Last October the most popular Popcorn Time fork and the one most-closely linked to the original project shut down its website PopcornTime.io.
With rumors flying the worst case scenario eventually reared its head, with confirmation that the MPAA had filed a lawsuit against the project’s developers in Canada. The legal threats triggered a domino effect and several other contributors ceased working on the platform.
However, earlier this month people with outdated versions of the PopcornTime.io software began receiving updates declaring “Hail Hydra”, and with that the application started working once again.
Surprised at this sudden reanimation, TF asked around to find out who was behind it but no one wanted to claim responsibility. That’s understandable – no sane person wants the MPAA’s lawyers monitoring their every move. However, just over a week later and we now have the first official statement from the people behind the reincarnation.
Noting that an explanation is long overdue, the team (located at popcorntime.sh) are now attempting to clarify their mission and point out where they stand in what has recently become an extremely confused and messy ‘marketplace’.
“After the ‘MPAA incident’, we’re a little diminished, and we’ve chosen a new direction: we’re shifting from an active development of Popcorn Time to a more or less resilience-driven development,” the team announced.
Although at this point the team aren’t being more specific, in this case ‘resilience’ appears to be avoiding the fate of the people who became known to the MPAA last year. Some of those people were quite open about their work on Popcorn Time and few measures were taken to hide identities, which in hindsight was probably their undoing.
This time around things seem to be taking a different shape. Instead of working on what is probably an illegal application, it appears that the software’s former developers are now working on ‘Butter‘, a relatively new streaming project with neutral technology and no illegal content.
However, the work and development that goes into Butter will then be leveraged by a separate team to power the variant of Popcorn Time using the .SH ccTLD.
“Most of our old teammates have left the ship to focus on a new technology, they called it Butter, and we use their platform as a base to make Popcorn Time,” the team says.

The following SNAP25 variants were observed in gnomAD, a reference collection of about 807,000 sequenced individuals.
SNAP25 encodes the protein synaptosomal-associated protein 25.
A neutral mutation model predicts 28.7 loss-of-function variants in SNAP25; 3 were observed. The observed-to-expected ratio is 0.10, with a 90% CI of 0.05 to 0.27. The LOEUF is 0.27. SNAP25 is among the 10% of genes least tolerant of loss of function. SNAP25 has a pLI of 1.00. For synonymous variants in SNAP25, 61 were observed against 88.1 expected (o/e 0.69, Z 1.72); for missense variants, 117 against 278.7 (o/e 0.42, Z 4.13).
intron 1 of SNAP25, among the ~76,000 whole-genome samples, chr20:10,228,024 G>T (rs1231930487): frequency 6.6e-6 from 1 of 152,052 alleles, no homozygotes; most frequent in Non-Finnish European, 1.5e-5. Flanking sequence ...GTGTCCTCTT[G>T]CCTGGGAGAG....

“The bonus is that we, as well as other existing and future projects, will indirectly profit from all the changes brought in Butter.”
So what we appear to have here is a line being drawn in the sand. On one side is Butter, a project that developers can work on (possibly) without fear of being tarnished with the stigma of Popcorn Time. On the other, people working on a Butter-based Popcorn Time who hope that they don’t suffer the same fate as their predecessors did last year.
The team behind the new variant has also addressed the question of monetization of the Popcorn Time platform. The founding ethos, which was only adhered to 100% by the original, original project, was to make no money. Generating money is seen as an Achilles’ heel by some and the PopcornTime.sh team say they will return to a zero revenue setup.
“We’d like to add that we do not accept any donation and have no interest in monetizing Popcorn Time by any way: our philosophy hasn’t changed,” they note.
But far beyond the dangers of monetization and the wounds inflicted on Popcorn Time by the MPAA, the ‘brand’ has been tarnished in recent months by a crowded marketplace filled with Popcorn Time clones, copies and wannabees. The new team also addresses these problems.
“The last four months have been chaotic. We’ve seem some forks keeping up the good work and others who just wanted to attract users into a trap of adwares & malwares. We would like to take a moment to thank the Reddit Community for taking things over while we were in standby.”
So what is the current state of play? Well the problem from potential users’ perspectives is that no one is really able to say absolutely definitively which forks are totally trustworthy and which ones aren’t, since everyone is keen to hide their identities and remain unaccountable.
As a result it’s no longer possible to publicly point to a set of trustworthy developers and use their credentials to give credibility to a project. Not to say that some haven’t tried, however.
A diagram that has been circulating on Reddit attempts to put the current mess into an easy to understand format but claims that the Time4Popcorn fork (which incidentally has offered the most consistent service throughout) is somehow untrustworthy have never been backed up by solid proof.
Also, since no one is prepared to confirm who is behind the .SH version, users simply have to take their word for it that they are somehow linked with and/or trusted by the .IO team that was taken down last year. That assumption does generally exist but since there is no consistency and no public face it’s almost impossible for anyone to give it an official stamp of approval.
Perhaps the most important point is no matter who one speaks to about any variant of Popcorn Time, there is nearly always an element of bias. Some point to open source being the yardstick, others suggest that making no money is they key. Most users simply don’t care as long as free movies appear. In future the proof of the pudding will probably have to be in the eating.
In any event, at least for now there appears to be three main editions of Popcorn Time (loosely PopcornTime.sh, Popcorn-Time.se and
PopcornTime.ml popcorntimece.ch), each with their own lines of development but only the former based on Butter. Whether it’s wise for them all to carry the same name is a matter for them but in any event confusion is likely to persist, as is the ever-looming threat from Hollywood.